I remember saying to him that I had to resist the urge to put my foot on the accelerator like in a car, since it would upset the balance of the plane and there seemed to be no sense of speed up there, but you were still travelling, it took some getting used to, but I think I mastered it.

As we headed back, Colin explained that it was a wonderful job, that he could fly over to France in less than an hour, have a nice lunch and a bit of sightseeing and be back in time for tea. I was hooked on the idea, that one day I would learn to fly and when I got that lottery win, there would be a small plane in there somewhere to do just that.

He asked me if I was sure that I hadn’t flown before as I seemed to be so at ease up there, I must admit that I felt no tension, it had all just floated away whilst I was up there. Flying back, Colin told me I was going to land the plane. I asked if he was sure, he told me that he was confident in my ability, we came in to a lovely smooth landing and I couldn’t help but be pleased. As I taxied the plane back to it’s parking spot, past the bar, my beloved was standing there, waving and with an ear to ear smile.
I jumped out and he ran over to me, he’d been worried since we were only supposed to be an hour, an hour and a half had passed and we hoped that I had not got him into trouble. He asked Colin “how did she do?” “An absolute Natural she should learn to fly”…. he replied.

I had to tell him all about it as we drove home around Sunset, he decided that if we ever could afford it, then we should make it happen. Six months later we returned for another lesson.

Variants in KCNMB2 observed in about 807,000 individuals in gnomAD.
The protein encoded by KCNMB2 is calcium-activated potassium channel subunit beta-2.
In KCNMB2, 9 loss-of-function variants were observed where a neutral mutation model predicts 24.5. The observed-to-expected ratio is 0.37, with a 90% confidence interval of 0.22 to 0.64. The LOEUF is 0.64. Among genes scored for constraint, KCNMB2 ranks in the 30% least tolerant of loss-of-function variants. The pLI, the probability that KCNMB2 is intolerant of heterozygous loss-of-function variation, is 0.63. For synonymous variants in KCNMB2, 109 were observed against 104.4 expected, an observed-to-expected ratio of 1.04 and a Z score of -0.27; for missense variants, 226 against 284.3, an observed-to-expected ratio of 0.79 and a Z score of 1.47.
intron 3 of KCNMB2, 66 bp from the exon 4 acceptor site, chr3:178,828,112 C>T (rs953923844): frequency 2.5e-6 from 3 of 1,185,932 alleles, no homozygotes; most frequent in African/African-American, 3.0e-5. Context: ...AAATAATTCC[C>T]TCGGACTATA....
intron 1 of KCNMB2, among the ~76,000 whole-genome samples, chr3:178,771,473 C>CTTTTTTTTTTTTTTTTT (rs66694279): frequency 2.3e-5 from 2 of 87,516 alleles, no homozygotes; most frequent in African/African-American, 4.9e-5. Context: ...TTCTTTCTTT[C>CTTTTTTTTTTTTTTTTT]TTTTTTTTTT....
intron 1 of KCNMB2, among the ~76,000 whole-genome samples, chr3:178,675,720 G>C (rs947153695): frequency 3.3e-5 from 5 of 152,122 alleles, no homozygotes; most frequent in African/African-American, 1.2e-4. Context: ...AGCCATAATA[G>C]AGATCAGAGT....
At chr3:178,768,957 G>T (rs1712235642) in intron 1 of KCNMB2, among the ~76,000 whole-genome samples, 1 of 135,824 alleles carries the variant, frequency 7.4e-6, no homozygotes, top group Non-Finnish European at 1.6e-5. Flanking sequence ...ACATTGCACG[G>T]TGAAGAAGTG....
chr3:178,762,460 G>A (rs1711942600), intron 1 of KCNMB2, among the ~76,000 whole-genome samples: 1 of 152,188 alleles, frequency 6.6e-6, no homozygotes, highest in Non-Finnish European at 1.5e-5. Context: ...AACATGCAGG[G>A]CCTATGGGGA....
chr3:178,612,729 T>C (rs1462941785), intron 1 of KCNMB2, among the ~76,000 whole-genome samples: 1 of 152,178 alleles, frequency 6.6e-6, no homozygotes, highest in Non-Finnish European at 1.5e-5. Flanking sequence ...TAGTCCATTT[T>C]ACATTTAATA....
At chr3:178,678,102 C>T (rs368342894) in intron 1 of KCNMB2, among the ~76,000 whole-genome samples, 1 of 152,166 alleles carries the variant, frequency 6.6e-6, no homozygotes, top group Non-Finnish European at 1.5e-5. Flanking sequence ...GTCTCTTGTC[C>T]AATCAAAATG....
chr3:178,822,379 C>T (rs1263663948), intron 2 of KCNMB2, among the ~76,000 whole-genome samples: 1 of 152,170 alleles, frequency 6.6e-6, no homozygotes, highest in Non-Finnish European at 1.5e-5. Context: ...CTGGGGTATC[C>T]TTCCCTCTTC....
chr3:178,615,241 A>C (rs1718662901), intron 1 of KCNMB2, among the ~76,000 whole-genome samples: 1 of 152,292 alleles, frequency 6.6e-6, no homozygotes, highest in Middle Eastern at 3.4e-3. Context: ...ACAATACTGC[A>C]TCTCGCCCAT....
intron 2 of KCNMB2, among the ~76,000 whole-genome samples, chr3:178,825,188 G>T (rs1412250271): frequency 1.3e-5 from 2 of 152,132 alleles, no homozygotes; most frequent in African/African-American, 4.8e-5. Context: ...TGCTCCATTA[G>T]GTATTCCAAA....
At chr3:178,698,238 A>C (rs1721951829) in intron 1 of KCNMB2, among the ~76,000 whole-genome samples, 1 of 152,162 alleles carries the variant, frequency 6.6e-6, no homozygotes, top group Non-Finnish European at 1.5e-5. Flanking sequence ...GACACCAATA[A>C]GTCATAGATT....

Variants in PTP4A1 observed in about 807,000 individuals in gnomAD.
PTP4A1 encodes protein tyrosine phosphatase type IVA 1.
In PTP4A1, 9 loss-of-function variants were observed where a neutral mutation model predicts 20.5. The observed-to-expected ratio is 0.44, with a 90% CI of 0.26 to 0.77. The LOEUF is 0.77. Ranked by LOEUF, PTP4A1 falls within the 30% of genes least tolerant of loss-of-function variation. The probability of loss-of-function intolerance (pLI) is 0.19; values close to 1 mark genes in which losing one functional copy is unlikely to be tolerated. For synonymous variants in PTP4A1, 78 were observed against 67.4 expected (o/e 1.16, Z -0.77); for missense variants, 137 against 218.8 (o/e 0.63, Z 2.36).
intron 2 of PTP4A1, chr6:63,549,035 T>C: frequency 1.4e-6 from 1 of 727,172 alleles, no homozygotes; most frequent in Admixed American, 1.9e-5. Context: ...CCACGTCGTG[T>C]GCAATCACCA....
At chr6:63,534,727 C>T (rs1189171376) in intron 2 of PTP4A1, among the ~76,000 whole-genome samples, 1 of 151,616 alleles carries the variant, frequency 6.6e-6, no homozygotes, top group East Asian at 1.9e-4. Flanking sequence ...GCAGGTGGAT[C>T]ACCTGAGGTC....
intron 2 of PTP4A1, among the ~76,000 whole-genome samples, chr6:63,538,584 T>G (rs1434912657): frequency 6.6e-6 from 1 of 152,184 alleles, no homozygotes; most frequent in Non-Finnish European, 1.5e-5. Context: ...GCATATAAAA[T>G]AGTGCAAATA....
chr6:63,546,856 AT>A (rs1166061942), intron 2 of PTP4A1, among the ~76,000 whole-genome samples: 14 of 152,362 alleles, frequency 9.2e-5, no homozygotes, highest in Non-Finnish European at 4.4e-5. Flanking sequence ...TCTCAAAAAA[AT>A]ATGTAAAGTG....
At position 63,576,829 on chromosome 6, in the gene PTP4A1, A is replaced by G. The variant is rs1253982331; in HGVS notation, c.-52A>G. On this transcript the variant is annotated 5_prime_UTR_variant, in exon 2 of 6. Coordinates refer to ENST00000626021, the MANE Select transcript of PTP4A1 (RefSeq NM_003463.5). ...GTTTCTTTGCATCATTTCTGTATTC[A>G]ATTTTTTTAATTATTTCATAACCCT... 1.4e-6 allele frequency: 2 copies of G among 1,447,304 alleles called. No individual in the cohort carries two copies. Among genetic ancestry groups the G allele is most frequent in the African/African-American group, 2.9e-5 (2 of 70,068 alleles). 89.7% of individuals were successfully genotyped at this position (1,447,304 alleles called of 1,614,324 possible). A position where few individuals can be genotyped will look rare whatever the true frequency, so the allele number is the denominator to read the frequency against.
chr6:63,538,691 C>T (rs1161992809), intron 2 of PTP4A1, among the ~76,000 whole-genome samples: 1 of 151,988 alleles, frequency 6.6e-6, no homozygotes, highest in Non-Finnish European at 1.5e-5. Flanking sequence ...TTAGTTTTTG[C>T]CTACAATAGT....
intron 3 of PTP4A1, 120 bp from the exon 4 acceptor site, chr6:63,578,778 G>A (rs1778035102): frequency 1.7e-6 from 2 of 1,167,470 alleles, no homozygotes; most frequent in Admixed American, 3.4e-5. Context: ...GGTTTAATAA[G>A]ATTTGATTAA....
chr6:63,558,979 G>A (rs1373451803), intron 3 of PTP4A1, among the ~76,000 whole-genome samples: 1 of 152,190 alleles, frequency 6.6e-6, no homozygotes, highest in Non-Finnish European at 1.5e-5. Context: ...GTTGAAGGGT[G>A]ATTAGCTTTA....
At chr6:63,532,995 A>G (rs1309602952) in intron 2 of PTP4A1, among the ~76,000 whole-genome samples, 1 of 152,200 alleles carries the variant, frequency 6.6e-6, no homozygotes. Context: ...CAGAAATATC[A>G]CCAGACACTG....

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Almost a Biker

I once had a motorbike,
Painted in the colours I like.
Bright paintwork in yellow and black,
Better for road than for track.
A custom bike with plenty of chrome,
Visions I had of going to roam.
Out on the open road once more,
A beautiful thing with a throaty roar!
I got all the kit and dressed in the leather,
Protected from every kind of weather.
Wearing all of the outfit he loves,
Jacket, Boots, Helmet and Gloves.
Blood racing through me thudding my chest,
Excitement builds I’ll be joining the rest.
On Saturday mornings, coffee en-route
Someone you know, give them a toot.
Bike training then was even a pleasure,
Into the country, moments to treasure.
Taking in the air as you go by,
Feeling as though being able to fly.
Out on the road from my worries I’d hide,
Forget them all as you begin to ride
For a time so easy to be,
Someone else who’s so carefree.
Once I’d got my ticket you know,
I sat on the bike ready to go.
I started up and the throttle jammed,
Into a wall on the bike I slammed.
I’d hurt myself and damaged by back.
And from the experience I would lack.
Suddenly my dreams as a biker no more,
As I was pinned upon the floor.
Couldn’t get from under the bike you see,
Was trapped just too darn heavy for me.
Rescued by a helpful friend,
For the bike and I, the end.
6 months of pain and physio,
Off to the doctor I had to go.
The bike was stored, then fixed and sent,
For someone new it was now meant.
My injuries healed, they did not last,
But having a bike’s all in my past.